She met the man, whom she later found out was one of the killers, at
the Pompidou Centre in Paris. She'd been told he could help. Her
instructions were to stand at a certain book rack in the library and he
would approach. Her Irish boyfriend had been missing for a month and
she was out of her mind with worry.
The man who appeared
was 'S', an INLA figure in Europe. "The meeting lasted 10 minutes,"
says Cecilia Moore. "I asked dozens of questions. His answers were full
of contradictions. He said Séamus's disappearance had nothing to do
with the INLA and, if I kept making crazy accusations, I'd get them all
arrested. He was heartless. He didn't give a shit. He saw me as an
annoying woman he wanted rid off. I was pleading for information. He
said Séamus was back in Ireland. I said his passport was still in our
Paris apartment. 'Maybe he swam home,' he replied."
Pompidou Centre was an odd meeting point for a republican. It was only
later that Cecilia worked out why it had been chosen: "Visitors had to
pass through a metal detector. The INLA had feared I might get a gun
and shoot S in revenge for Séamus."
What S didn't tell
Moore was that her boyfriend was about 100 miles from Paris, lying in a
forest near the town of Pont de l'Arche in Normandy. It was a far from
peaceful resting place. The first time the grave was so shallow that
deer pawed up the body, exposing a limb. So the killers went back,
moved Séamus, and buried him again.
later, Séamus Ruddy's body still hasn't been found. Since 1999, four
bodies of the disappeared have been found in Ireland. An end appears in
sight in two other cases. DNA tests are underway on remains found last
month in the Wicklow mountains. They are understood to be those of
Danny McIlhone, a Belfast man killed by the IRA. New information has
led to plans for a dig in Co Monaghan for Gerard Evans who was also
killed by the Provisionals. But for Cecilia Moore and the Ruddy family,
the prospect of finding Séamus's body seems as far off as ever. The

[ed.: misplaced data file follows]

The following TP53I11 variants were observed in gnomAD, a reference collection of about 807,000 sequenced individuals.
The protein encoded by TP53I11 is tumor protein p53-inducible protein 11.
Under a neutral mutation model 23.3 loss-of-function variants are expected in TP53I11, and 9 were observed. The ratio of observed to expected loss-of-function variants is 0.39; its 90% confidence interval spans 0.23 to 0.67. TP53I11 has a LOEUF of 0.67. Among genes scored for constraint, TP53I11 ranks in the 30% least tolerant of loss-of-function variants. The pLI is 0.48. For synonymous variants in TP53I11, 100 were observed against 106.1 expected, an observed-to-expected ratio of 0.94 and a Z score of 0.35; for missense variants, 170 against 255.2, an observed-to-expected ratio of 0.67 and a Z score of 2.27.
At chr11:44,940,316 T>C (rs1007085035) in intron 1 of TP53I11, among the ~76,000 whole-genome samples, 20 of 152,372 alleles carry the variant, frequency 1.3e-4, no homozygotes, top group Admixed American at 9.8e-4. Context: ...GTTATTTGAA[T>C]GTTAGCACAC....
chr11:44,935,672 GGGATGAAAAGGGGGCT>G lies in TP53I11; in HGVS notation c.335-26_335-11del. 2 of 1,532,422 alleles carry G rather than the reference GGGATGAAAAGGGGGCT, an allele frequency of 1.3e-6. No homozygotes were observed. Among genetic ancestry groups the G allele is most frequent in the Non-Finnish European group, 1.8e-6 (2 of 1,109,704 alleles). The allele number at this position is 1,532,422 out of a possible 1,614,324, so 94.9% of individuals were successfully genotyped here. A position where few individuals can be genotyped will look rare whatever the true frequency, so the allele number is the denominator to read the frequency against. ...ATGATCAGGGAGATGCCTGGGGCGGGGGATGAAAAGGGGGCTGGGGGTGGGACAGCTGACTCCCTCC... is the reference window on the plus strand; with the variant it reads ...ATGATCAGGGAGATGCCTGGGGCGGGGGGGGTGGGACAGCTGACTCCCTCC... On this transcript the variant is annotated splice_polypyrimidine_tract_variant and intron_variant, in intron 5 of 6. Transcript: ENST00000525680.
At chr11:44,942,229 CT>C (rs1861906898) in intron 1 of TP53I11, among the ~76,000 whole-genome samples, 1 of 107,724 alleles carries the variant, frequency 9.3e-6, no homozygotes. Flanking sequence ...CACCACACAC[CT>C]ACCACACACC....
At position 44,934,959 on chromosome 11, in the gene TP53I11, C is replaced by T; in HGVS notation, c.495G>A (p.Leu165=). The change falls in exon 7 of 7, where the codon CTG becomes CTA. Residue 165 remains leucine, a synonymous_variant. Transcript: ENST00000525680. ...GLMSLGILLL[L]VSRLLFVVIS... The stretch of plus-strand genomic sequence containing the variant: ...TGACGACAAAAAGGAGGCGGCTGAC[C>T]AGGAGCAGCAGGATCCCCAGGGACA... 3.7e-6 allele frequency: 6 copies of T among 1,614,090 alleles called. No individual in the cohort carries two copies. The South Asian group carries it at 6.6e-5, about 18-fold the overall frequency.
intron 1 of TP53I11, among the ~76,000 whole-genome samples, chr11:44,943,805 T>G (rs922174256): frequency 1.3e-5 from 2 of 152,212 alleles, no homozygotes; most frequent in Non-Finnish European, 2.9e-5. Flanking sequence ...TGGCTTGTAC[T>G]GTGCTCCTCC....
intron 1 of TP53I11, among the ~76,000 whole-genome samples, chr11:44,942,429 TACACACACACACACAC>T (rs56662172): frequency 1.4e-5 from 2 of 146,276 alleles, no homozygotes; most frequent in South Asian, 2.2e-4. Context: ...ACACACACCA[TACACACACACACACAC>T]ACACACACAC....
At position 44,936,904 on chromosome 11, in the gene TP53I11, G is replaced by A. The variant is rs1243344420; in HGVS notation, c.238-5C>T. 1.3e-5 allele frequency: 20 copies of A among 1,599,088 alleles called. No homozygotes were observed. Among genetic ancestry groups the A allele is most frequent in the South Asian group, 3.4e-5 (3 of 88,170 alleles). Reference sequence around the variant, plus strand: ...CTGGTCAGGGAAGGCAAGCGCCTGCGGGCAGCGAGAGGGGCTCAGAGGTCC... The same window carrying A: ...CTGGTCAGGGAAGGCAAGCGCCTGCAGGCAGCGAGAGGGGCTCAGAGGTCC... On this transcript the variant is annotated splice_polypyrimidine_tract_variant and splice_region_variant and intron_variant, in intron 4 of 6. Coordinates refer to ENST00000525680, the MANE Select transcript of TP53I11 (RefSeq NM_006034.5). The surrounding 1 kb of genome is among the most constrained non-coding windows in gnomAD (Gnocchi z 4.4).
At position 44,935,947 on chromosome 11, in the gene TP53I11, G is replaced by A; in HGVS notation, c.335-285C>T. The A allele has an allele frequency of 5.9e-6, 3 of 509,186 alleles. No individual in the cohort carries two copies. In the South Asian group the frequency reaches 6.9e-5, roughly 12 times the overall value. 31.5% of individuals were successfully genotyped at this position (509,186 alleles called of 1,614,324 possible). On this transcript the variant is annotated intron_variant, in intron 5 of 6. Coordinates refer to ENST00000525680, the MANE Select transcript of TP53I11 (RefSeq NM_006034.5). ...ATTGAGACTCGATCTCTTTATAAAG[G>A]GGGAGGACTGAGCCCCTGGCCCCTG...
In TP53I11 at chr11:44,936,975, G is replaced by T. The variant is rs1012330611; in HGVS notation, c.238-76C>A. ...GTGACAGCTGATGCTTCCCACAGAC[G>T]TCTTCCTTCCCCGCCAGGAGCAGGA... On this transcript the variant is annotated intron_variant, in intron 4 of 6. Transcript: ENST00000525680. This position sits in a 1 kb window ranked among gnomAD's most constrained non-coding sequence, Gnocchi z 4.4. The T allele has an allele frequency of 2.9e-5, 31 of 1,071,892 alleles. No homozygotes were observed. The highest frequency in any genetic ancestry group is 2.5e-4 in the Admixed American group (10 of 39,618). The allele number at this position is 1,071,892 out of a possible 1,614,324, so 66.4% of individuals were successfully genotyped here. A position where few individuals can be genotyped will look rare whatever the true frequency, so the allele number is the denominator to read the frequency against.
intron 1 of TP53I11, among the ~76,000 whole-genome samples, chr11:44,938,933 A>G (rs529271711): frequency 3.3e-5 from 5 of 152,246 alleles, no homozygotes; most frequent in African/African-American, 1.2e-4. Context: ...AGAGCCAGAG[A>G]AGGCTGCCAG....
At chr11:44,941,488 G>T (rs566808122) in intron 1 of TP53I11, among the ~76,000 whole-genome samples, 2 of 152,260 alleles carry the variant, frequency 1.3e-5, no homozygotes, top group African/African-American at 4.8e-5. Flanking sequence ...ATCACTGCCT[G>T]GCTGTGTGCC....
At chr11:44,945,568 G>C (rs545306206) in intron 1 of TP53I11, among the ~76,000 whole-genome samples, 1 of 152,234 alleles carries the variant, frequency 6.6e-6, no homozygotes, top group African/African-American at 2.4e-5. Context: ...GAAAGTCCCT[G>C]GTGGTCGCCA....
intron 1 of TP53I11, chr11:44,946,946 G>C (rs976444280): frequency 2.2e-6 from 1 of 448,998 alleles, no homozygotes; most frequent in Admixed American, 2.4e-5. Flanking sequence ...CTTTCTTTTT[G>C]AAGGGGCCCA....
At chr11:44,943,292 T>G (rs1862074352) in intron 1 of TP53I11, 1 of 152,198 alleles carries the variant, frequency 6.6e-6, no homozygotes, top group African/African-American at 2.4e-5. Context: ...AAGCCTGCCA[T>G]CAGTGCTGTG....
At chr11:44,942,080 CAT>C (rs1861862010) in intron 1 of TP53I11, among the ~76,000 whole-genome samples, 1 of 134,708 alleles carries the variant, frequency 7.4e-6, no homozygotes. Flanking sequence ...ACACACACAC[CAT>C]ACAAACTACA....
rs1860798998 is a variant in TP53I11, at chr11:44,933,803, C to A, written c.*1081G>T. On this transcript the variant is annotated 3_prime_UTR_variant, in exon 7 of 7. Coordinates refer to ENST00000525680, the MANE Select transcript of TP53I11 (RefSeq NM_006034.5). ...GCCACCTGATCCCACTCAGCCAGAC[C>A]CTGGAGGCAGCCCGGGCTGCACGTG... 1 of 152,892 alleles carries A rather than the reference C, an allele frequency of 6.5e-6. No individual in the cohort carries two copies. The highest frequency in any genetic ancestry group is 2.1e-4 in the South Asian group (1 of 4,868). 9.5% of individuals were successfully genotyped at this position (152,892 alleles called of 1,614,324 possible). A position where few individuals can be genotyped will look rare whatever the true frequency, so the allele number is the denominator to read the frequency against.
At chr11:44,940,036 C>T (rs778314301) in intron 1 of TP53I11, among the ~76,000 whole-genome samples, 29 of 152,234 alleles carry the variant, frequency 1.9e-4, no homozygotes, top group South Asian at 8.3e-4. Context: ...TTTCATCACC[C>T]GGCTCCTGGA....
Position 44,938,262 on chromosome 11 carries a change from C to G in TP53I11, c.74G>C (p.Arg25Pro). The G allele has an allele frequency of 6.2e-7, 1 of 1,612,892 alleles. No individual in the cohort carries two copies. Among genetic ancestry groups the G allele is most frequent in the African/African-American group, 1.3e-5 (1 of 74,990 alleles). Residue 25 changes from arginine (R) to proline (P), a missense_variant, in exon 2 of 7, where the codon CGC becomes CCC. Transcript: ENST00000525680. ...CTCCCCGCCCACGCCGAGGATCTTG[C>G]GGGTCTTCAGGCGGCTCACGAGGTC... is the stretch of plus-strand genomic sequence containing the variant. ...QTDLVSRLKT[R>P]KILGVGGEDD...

INLA has admitted killing him and has given information to the
Independent Commission for the Location of Victims' Remains.
we don't believe the same effort has gone into finding our brother as
went into locating the disappeared buried in Ireland," says Séamus's
sister, Anne Morgan. "In border areas, they've spent months searching
for bodies. The combined total of the three digs for Séamus is less
than a week."
Cecilia Moore, now an artist based in
Dublin, was dating Séamus for three years before he disappeared. From
the Isle of Wight, she was in Ireland training to be a silversmith when
she fell in love with the country and Séamus.
"He lived and breathed politics," she says. A schoolteacher from Newry, he was national organiser of the Irish Republican
Socialist Party (IRSP) – the INLA's political wing – and a key figure in the 1981 hunger-strike campaign. Two years earlier, he'd been arrested smuggling weapons across the Greek/Turkish border. He was acquitted of the charges.
In 1983, he left the IRSP, writing a deeply
critical resignation letter. "Séamus was an international
revolutionary," says his brother Terry. "He'd joined the IRSP because
he saw the Provos as right-wing Catholic holy joes. But he didn't like
where the IRSP/INLA was heading – it was a far cry from his ideals."
resigning, Séamus moved with Cecilia to Paris but they socialised with
IRSP figures living in the city. They'd have dinner occasionally.
Séamus secured a job teaching English at a private college, but
politics remained his passion. "He organised the other teachers into a
union," says Cecilia. He started an Irish Cultural Association. He held
Irish-language and dancing nights. He established a newsletter for
Irish people in Paris. He was also active in the campaign to support
the British miners' strike."
A close family
Séamus lived in France, the Ruddys remained a close family. "I even
made him a Christmas pudding and posted it to Paris," says Anne Morgan.
She met her brother a fortnight before he disappeared. A teacher in
Newry High School, she'd taken her pupils on a coach trip to Paris.
"The driver didn't know his way around so Séamus boarded the bus and
guided our tour.
"The Eiffel Tower, the Arc de
Triomphe, Notre Dame, we did it all. At night, he laughed at us trying
to eat frogs' legs. We spent a wonderful evening in a café on Rue
Saint-Denis. I treasure those photographs."
In May 1985,
Cecilia was working in Cork so Séamus was alone in Paris. He agreed to
meet three members of the INLA – chief-of-staff John O'Reilly, Peter
'Dunter' Stewart, and S – in a bar in Montparnasse. Séamus was nervous
about the meeting. He contacted M, one of the IRSP members he was
friendly with in Paris. M guaranteed his safety, according to the
In Cork, Cecilia started receiving concerned
telephone calls from friends saying they hadn't seen Séamus in days.